Plastic waste interferes with chemical communication in aquatic ecosystems.


Department of Animal Ecology I and BayCEER, University of Bayreuth, Bayreuth, Germany. [Email]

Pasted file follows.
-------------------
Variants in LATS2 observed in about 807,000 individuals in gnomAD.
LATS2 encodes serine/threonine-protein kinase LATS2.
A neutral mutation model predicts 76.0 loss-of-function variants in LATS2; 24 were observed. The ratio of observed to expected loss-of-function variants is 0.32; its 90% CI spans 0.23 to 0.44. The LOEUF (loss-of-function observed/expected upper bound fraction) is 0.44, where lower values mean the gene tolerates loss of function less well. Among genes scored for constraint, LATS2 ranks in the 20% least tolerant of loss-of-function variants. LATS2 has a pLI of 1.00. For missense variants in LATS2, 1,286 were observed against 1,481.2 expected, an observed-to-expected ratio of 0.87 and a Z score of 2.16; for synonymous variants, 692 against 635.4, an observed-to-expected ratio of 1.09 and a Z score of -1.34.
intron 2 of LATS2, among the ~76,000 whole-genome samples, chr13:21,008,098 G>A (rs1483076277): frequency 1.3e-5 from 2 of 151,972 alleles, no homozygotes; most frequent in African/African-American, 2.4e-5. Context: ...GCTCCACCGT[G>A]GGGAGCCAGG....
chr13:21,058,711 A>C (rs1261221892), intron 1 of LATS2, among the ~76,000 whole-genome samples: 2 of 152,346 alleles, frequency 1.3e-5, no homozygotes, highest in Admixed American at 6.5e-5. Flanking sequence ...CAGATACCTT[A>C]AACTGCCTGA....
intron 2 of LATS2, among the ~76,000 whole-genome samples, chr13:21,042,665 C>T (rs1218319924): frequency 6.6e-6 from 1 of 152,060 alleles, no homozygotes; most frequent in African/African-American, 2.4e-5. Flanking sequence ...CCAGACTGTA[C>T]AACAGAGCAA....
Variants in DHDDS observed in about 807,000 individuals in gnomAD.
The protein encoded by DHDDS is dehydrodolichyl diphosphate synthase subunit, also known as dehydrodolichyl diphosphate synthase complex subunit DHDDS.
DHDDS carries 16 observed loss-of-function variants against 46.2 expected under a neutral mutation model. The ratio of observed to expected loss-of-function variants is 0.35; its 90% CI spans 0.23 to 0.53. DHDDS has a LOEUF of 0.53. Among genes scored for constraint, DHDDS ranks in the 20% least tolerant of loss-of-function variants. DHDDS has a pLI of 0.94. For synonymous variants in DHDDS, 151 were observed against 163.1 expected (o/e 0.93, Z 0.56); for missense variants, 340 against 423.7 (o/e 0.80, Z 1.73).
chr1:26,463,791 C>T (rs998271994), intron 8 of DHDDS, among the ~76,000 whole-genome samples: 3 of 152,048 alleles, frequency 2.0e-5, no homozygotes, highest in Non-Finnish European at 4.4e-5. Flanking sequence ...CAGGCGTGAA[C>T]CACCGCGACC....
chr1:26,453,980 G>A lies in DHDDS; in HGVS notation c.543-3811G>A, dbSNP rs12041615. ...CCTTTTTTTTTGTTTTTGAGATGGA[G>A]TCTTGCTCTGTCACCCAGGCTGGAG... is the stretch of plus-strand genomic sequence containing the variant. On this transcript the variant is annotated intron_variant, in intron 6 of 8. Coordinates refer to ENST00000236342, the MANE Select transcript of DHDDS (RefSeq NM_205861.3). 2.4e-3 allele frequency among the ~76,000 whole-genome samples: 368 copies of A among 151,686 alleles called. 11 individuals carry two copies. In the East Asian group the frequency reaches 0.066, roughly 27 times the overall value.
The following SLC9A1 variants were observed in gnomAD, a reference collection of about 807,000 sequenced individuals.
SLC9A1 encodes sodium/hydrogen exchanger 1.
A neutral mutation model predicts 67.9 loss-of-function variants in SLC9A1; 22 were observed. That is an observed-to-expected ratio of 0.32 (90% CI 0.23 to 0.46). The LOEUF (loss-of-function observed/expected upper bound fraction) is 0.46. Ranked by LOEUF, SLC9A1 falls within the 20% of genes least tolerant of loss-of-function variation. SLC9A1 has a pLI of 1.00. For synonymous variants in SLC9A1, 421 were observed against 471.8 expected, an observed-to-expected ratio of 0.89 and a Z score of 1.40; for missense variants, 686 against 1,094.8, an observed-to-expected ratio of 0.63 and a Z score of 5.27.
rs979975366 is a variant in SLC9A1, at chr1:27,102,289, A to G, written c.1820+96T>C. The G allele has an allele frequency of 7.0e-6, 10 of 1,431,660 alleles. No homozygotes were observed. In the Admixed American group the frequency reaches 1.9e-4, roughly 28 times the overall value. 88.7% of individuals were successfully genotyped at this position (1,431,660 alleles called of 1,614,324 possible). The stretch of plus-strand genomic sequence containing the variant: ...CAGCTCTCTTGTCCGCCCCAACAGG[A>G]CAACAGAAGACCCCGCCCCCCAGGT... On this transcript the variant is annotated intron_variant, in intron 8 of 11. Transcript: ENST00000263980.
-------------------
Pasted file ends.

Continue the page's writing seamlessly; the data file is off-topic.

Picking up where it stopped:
Environmental pollution with plastic waste has gained increasing attention, as the contamination of aquatic habitats poses a challenge to these ecosystems. Plastic waste has direct negative effects on animals such as reduced growth rate, fecundity or life span. However, the indirect effects of plastic waste, which has the ability to sorb chemicals from the surrounding media, on chemical communication have yet to be investigated. Chemical communication is crucial for aquatic organisms, e.g., to avoid predation. The planktonic water flea Daphnia (Crustacea), an important link between trophic levels, relies on info-chemicals (kairomones) to assess its current predation risk and to form inducible defences. We show that plastic waste, composed of high-density polyethylene (HDPE) and polyethylene terephthalate (PET) interferes with the formation of inducible defences in Daphnia longicephala when exposed to a combination of kairomones of Notonecta glauca and plastic waste. D. longicephala shows a reduction in all defensive traits, including body length, crest width and time until primiparity, compared to exposure to solely kairomone conditioned media. Plastic waste in the absence of kairomones had no effect on defensive traits. Since it is vital to adjust these defences to the current predation risk, any misperception can have far-reaching ecological consequences. Therefore, plastic waste can have indirect effects on organisms, which may manifest at the community level.